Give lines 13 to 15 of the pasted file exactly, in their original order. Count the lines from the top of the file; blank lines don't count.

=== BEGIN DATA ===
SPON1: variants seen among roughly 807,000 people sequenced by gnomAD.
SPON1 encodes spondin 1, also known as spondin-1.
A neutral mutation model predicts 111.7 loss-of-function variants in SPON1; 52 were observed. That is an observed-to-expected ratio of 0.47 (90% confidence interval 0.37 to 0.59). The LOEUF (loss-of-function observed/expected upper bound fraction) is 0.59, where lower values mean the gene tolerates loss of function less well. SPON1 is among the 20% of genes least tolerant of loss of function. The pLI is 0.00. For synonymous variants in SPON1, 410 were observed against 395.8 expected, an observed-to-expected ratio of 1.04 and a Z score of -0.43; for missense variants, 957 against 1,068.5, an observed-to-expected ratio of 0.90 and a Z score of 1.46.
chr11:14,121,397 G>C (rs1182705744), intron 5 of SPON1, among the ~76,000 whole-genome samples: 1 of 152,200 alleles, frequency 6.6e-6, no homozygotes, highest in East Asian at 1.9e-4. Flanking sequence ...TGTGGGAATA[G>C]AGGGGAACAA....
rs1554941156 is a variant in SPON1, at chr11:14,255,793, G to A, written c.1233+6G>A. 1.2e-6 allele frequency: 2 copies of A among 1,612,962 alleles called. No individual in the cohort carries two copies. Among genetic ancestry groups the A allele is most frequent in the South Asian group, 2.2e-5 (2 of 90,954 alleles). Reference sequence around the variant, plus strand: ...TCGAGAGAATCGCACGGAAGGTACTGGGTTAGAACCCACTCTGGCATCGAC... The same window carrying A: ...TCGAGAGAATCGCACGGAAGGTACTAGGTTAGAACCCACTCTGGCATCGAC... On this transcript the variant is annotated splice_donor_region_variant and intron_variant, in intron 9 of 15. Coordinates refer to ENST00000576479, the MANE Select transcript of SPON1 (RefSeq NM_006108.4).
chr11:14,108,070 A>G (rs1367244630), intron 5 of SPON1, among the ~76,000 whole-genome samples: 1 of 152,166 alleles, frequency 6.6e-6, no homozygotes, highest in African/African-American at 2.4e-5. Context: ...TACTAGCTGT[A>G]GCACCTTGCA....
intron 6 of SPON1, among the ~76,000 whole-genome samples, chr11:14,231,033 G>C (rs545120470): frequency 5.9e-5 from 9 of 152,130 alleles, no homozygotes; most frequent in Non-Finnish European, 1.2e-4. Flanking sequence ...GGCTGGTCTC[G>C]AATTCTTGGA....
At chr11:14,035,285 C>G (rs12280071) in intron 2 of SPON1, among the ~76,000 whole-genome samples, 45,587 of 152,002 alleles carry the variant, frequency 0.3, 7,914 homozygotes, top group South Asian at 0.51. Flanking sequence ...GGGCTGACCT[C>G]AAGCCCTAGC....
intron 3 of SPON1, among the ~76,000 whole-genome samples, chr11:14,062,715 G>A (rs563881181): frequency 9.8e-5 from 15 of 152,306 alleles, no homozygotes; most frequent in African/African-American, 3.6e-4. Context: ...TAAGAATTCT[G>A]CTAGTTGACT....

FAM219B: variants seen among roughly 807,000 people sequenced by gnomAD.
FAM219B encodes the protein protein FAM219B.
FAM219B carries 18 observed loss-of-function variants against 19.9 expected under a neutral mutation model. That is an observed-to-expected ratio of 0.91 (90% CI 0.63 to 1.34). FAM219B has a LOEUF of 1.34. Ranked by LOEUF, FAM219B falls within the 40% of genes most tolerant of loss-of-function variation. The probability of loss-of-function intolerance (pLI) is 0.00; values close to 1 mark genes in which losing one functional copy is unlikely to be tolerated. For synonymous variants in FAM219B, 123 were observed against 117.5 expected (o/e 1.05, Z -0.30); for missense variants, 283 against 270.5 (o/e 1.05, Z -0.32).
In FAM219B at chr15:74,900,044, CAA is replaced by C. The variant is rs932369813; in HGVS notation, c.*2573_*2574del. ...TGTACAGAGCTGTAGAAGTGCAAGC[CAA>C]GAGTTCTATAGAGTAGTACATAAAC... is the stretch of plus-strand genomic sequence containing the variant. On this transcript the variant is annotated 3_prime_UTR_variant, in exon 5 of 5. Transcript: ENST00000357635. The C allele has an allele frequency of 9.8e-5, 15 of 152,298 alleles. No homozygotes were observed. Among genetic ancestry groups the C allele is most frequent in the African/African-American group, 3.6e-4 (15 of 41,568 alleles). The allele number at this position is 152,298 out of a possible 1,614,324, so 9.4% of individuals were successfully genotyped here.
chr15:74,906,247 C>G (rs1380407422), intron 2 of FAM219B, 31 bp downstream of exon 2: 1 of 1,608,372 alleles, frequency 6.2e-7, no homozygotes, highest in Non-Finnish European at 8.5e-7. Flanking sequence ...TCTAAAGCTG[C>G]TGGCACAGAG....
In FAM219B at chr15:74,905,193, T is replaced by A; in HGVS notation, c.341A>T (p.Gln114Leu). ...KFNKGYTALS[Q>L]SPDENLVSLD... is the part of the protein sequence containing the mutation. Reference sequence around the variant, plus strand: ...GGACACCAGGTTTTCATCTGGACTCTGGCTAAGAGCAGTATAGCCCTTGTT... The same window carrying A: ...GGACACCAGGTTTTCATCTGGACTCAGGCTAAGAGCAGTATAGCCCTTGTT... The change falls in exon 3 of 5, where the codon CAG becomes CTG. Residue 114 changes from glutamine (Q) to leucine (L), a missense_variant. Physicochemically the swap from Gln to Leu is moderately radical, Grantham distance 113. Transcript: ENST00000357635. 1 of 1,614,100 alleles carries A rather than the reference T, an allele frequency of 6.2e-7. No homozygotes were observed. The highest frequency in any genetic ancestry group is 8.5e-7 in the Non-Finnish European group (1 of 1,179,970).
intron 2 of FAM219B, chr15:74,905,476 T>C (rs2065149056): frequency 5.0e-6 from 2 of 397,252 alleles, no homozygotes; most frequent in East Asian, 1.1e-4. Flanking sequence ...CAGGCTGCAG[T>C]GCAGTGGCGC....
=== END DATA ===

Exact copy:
In FAM219B at chr15:74,900,044, CAA is replaced by C. The variant is rs932369813; in HGVS notation, c.*2573_*2574del. ...TGTACAGAGCTGTAGAAGTGCAAGC[CAA>C]GAGTTCTATAGAGTAGTACATAAAC... is the stretch of plus-strand genomic sequence containing the variant. On this transcript the variant is annotated 3_prime_UTR_variant, in exon 5 of 5. Transcript: ENST00000357635. The C allele has an allele frequency of 9.8e-5, 15 of 152,298 alleles. No homozygotes were observed. Among genetic ancestry groups the C allele is most frequent in the African/African-American group, 3.6e-4 (15 of 41,568 alleles). The allele number at this position is 152,298 out of a possible 1,614,324, so 9.4% of individuals were successfully genotyped here.
chr15:74,906,247 C>G (rs1380407422), intron 2 of FAM219B, 31 bp downstream of exon 2: 1 of 1,608,372 alleles, frequency 6.2e-7, no homozygotes, highest in Non-Finnish European at 8.5e-7. Flanking sequence ...TCTAAAGCTG[C>G]TGGCACAGAG....
In FAM219B at chr15:74,905,193, T is replaced by A; in HGVS notation, c.341A>T (p.Gln114Leu). ...KFNKGYTALS[Q>L]SPDENLVSLD... is the part of the protein sequence containing the mutation. Reference sequence around the variant, plus strand: ...GGACACCAGGTTTTCATCTGGACTCTGGCTAAGAGCAGTATAGCCCTTGTT... The same window carrying A: ...GGACACCAGGTTTTCATCTGGACTCAGGCTAAGAGCAGTATAGCCCTTGTT... The change falls in exon 3 of 5, where the codon CAG becomes CTG. Residue 114 changes from glutamine (Q) to leucine (L), a missense_variant. Physicochemically the swap from Gln to Leu is moderately radical, Grantham distance 113. Transcript: ENST00000357635. 1 of 1,614,100 alleles carries A rather than the reference T, an allele frequency of 6.2e-7. No homozygotes were observed. The highest frequency in any genetic ancestry group is 8.5e-7 in the Non-Finnish European group (1 of 1,179,970).